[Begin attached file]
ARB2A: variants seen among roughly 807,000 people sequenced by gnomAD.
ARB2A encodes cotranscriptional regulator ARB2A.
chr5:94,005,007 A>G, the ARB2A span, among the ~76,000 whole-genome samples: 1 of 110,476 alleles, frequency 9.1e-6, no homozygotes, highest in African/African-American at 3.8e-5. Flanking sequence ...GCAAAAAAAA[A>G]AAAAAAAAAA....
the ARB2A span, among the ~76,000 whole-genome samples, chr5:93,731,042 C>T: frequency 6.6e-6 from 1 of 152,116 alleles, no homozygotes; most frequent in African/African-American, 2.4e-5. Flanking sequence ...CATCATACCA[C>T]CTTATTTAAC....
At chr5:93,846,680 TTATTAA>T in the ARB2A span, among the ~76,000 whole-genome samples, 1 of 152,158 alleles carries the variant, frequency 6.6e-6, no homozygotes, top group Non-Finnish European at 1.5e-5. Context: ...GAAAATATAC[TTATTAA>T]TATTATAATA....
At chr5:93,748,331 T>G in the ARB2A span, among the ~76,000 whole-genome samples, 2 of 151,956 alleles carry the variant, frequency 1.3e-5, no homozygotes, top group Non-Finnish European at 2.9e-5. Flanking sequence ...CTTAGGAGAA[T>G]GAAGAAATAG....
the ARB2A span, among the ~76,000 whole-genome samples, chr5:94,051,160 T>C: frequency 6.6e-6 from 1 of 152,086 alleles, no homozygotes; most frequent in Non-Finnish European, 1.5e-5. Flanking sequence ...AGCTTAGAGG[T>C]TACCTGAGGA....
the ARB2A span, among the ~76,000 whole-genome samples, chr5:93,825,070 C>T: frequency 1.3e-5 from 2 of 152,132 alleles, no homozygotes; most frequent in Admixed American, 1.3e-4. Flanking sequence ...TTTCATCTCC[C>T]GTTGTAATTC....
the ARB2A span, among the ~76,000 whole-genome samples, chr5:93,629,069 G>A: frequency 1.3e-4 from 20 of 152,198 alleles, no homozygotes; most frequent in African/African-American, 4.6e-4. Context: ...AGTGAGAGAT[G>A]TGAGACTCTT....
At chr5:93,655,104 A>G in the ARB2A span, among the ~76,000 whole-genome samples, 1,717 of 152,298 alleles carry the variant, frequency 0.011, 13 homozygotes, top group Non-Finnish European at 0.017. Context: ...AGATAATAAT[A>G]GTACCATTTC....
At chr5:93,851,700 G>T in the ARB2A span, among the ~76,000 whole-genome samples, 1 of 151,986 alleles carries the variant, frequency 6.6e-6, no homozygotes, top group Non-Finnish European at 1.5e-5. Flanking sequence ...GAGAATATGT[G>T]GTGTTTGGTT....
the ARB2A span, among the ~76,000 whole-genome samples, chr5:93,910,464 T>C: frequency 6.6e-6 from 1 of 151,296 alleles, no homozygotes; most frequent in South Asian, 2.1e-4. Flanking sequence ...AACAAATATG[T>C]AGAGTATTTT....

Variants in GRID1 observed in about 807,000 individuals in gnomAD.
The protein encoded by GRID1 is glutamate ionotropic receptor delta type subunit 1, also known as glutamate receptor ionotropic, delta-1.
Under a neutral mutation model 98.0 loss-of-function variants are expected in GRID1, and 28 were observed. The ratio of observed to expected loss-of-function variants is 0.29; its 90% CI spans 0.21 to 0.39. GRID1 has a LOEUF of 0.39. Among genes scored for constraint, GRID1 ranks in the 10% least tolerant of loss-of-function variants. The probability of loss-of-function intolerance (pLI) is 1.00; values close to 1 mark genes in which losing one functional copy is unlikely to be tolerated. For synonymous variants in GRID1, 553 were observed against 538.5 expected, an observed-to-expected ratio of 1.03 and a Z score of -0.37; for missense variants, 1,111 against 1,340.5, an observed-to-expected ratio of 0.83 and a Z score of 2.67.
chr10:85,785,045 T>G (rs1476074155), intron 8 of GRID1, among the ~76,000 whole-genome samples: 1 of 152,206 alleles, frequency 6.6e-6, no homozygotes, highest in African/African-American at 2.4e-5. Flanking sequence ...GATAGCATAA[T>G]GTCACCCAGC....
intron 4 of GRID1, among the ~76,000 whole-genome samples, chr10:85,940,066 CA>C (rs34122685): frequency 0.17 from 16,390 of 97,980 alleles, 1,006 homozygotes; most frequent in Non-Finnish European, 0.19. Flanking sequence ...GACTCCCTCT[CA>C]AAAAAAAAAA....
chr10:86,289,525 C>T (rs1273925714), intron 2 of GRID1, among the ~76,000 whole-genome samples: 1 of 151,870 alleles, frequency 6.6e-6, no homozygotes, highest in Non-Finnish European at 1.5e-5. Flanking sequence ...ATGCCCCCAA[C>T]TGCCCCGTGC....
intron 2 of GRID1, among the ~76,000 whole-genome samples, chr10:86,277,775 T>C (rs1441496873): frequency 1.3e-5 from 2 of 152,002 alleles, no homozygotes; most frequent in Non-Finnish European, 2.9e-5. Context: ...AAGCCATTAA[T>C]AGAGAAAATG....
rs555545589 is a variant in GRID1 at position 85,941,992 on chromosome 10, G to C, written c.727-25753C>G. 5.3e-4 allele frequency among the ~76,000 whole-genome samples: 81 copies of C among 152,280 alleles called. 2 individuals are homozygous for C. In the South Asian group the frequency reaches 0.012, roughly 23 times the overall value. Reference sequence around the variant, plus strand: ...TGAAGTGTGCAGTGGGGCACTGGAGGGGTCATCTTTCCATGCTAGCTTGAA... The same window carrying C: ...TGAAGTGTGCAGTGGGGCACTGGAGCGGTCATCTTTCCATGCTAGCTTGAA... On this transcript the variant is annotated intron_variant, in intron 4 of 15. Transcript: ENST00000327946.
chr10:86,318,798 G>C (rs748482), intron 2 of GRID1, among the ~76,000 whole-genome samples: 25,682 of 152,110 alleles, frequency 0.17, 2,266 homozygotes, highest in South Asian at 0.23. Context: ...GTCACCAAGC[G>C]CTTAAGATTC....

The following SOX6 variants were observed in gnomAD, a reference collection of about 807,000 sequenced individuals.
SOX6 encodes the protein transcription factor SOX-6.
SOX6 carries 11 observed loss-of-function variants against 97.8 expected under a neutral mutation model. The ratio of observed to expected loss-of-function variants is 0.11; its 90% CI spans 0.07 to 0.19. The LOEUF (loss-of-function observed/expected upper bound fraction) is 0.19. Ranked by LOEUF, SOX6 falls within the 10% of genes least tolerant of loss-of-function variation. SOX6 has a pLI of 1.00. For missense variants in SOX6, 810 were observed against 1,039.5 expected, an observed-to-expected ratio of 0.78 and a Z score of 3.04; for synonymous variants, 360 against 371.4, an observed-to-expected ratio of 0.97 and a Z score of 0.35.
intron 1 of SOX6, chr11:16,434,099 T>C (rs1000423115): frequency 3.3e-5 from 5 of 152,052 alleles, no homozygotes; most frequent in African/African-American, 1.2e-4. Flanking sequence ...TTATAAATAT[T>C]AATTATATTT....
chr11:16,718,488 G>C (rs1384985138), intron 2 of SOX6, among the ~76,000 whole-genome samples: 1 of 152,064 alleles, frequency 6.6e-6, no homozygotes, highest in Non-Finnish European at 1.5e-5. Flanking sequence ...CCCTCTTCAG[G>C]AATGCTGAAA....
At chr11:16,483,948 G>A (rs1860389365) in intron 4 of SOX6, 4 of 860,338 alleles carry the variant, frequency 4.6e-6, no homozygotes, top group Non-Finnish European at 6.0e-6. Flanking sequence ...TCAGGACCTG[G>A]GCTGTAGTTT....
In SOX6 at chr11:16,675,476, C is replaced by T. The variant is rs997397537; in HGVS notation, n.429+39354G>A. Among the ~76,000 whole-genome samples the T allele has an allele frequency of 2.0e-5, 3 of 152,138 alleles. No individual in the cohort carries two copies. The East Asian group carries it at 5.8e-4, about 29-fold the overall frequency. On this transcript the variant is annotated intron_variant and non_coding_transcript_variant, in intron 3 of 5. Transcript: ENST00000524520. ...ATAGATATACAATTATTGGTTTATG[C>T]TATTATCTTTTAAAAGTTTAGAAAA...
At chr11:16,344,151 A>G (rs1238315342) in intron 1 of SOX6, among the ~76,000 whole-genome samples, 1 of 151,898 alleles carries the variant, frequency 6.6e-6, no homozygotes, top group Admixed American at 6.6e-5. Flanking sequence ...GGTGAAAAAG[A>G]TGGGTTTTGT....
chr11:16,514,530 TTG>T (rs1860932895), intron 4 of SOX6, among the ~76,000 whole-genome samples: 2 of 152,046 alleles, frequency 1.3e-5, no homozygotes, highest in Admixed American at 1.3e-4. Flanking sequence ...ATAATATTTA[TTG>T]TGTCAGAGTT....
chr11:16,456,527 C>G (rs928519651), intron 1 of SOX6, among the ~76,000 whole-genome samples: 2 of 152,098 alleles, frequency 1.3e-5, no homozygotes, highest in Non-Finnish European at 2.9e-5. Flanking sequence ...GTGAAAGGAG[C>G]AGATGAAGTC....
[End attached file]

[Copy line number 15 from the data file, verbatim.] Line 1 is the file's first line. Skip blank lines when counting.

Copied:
Under a neutral mutation model 98.0 loss-of-function variants are expected in GRID1, and 28 were observed. The ratio of observed to expected loss-of-function variants is 0.29; its 90% CI spans 0.21 to 0.39. GRID1 has a LOEUF of 0.39. Among genes scored for constraint, GRID1 ranks in the 10% least tolerant of loss-of-function variants. The probability of loss-of-function intolerance (pLI) is 1.00; values close to 1 mark genes in which losing one functional copy is unlikely to be tolerated. For synonymous variants in GRID1, 553 were observed against 538.5 expected, an observed-to-expected ratio of 1.03 and a Z score of -0.37; for missense variants, 1,111 against 1,340.5, an observed-to-expected ratio of 0.83 and a Z score of 2.67.